• two  hearty goes at the coq au vin (after two days resting in the fridge and reheat in the oven, the second helping was sensational, rich, slightly gamey flavour falling off the bone)
  • meat shredded off the frame to top a delicious pizza with Meredith marinated goats cheese, fresh herbs and home grown tomatoes and zucchini 
  • 500mls of left over liquid to form the base of a rich pumpkin and leek risotto (with even more left overs for lunch).


On the first night, I set the dining table and opened a good bottle of Ten Minutes by Tractor Mornington Pinot as it seemed apt to respect and reflect. 

At the end of it all, was I glad I did it ? Yes. Would I do it again  Yes, although our chicken breeding days are over for now. What did I take away from it all? That we should think deeply about where our food comes from and that we should also take time from our busy lives to pay respect for a moment for the animals we didn't know and where ever possible make sure we choose the most ethical meat options we have available.










Monday, 6 May 2013

The only way is up (and out)

With the cooler (but sadly not wetter) autumn weather in place, I have been busy completing my autumn planting season (both edibles and other). Ever eager to improve on my home grown haul  I am keen to maximise my harvest using all of the resources I have available (land and sunlight being the limiting ones). Unfortunately with two young pullets (who unlike their broody box reared mama) have been raised to develop a keen sense of curiosity and experimental taste buds, I have added in an extra layer of consideration when planning my planting. The first step has been to utilise my growing areas outside the yard - lane waycommunity planter box and a revisit my attempts a at front yard 'ornamental' cabbage bed (sadly a dismal failure last year). This has involved shifting half my brassica plantings  (primarily cavalo nero and sprouting broccoli) to the outside planter boxes, not only to increase the available sunny planting area but also as a safeguard against damage inflicted by any unsupervised garden raids.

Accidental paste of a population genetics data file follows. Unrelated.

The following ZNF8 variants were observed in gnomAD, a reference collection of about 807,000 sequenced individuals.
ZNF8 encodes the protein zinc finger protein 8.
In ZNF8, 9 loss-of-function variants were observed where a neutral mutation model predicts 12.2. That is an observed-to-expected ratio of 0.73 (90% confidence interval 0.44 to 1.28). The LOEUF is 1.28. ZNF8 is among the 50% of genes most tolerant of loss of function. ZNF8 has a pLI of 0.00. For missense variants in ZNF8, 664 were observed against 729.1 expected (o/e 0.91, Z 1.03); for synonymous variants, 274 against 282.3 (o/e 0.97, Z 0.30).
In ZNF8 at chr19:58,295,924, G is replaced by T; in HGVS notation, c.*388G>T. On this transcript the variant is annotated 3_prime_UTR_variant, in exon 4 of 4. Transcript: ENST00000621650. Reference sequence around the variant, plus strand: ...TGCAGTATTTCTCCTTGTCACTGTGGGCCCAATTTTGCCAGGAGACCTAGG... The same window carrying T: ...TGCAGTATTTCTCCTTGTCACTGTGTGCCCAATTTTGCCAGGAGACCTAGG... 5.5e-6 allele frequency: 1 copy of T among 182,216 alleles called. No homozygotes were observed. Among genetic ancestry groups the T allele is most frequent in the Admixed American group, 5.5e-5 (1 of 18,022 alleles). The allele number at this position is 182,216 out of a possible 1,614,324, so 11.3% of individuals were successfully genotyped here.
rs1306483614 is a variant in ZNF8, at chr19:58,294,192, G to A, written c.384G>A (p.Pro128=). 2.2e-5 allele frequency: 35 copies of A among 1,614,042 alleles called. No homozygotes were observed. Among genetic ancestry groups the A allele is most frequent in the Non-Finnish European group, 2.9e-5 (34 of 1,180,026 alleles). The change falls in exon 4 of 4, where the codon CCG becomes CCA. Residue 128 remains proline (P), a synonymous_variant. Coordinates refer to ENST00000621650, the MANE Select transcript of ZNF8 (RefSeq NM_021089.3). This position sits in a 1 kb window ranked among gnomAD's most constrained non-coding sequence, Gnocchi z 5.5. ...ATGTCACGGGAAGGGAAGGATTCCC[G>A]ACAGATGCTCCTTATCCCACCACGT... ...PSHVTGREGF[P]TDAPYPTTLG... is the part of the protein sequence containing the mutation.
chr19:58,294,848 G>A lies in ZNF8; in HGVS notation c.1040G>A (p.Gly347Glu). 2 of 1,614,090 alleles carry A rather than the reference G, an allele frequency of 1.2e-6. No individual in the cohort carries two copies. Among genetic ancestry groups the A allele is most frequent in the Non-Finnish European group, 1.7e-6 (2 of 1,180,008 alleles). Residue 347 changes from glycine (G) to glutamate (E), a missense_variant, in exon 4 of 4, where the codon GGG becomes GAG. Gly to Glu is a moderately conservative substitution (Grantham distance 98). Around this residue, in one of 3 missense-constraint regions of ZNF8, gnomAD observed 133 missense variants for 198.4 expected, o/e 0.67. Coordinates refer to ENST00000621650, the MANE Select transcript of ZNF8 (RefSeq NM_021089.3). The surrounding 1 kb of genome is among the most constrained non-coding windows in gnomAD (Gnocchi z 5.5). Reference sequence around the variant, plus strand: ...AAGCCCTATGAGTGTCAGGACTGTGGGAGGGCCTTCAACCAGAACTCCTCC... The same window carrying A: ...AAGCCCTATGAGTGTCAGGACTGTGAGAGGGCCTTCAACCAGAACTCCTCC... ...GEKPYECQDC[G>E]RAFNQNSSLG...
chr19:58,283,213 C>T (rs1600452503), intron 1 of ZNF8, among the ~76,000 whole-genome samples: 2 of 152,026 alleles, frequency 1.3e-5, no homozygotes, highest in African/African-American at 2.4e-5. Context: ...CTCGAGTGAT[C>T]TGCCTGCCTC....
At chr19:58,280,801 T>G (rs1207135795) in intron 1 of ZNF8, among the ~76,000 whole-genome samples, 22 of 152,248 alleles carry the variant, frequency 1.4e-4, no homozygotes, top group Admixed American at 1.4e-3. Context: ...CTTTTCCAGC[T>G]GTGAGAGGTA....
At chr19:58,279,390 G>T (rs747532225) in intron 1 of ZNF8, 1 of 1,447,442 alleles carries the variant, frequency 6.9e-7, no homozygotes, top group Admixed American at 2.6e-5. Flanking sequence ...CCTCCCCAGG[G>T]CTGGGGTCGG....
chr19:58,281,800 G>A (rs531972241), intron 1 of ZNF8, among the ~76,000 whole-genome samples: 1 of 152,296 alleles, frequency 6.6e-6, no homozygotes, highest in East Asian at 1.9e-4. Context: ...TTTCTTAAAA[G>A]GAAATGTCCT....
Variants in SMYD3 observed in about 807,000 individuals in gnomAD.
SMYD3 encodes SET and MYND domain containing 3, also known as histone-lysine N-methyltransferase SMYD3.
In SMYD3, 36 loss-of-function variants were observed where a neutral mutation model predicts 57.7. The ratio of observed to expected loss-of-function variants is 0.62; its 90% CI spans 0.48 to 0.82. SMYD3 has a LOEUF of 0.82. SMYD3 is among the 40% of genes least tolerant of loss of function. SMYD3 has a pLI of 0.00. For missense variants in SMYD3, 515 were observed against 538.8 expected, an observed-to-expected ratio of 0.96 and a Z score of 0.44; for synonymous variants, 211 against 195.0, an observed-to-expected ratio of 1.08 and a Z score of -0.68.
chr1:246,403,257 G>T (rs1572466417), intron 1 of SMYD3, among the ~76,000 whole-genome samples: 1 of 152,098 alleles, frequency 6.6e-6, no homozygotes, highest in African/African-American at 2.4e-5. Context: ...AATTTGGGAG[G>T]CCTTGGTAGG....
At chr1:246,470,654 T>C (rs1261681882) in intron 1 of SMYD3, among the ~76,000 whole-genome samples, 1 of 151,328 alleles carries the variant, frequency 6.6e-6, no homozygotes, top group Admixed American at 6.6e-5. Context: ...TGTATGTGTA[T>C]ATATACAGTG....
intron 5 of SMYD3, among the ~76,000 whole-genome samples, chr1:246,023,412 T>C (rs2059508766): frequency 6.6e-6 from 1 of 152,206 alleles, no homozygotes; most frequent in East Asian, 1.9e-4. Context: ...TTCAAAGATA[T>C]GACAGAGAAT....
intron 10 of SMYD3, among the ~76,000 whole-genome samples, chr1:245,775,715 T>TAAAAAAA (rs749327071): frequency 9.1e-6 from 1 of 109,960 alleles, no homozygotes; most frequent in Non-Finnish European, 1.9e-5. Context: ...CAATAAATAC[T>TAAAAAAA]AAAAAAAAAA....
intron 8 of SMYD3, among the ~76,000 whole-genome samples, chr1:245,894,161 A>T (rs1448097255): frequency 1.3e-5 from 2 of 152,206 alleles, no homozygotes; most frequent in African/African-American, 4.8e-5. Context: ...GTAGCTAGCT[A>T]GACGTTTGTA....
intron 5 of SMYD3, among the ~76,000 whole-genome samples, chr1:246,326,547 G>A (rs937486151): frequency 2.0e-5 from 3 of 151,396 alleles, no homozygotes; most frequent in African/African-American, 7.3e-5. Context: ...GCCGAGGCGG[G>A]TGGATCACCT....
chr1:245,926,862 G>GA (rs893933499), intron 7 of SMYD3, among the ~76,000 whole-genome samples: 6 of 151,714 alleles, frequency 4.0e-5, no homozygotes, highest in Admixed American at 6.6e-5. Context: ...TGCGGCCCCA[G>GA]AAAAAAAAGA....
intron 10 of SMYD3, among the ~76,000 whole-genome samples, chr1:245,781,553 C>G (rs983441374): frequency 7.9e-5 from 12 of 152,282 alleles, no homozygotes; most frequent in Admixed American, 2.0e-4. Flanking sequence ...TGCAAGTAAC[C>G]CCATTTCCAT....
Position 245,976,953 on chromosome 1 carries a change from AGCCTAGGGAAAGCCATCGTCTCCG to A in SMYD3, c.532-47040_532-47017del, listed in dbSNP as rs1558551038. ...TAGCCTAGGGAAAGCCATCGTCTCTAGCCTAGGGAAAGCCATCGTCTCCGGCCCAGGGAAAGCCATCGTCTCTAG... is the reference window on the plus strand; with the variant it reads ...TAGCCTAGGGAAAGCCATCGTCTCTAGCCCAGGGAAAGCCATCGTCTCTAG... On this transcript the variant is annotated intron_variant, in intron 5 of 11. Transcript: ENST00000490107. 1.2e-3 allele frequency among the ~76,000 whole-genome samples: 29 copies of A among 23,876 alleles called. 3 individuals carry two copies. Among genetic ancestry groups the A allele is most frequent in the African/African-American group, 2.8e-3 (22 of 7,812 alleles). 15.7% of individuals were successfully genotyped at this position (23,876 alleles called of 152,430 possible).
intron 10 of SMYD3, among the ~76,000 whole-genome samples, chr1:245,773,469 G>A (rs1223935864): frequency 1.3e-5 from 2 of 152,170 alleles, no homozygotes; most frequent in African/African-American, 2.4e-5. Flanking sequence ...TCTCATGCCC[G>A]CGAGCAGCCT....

The second strategy is to utilise pots strategically placed in paved sunny areas closer to the house.



While out at one of the home improvement mega stores -shopping for some irrigation pegs (technically designed to hold down irrigation tubing- but they work just as well to hold down mesh to protect ground cover from foraging hens) these pink pots caught my eye. I have teamed them up with this slightly modified antique ladder from a hard waste collection to build a tiered strawberry planting (filled with runners I secured at our local produce swap). Facing the ladder on the angle allows for the eastern morning sun to reach under the ladder for a planting of snow peas and some coriander, the idea being that the ladder serves as a frame for the snow peas.  Since its installation the girls have taken a serious and destructive liking to the snow peas so I am currently improving on installing removable mesh around the base of the ladder. Since the photo there have been more caging works on the recycle tub behind for some additional snow peas and a small fence around the front planter for another coriander planting.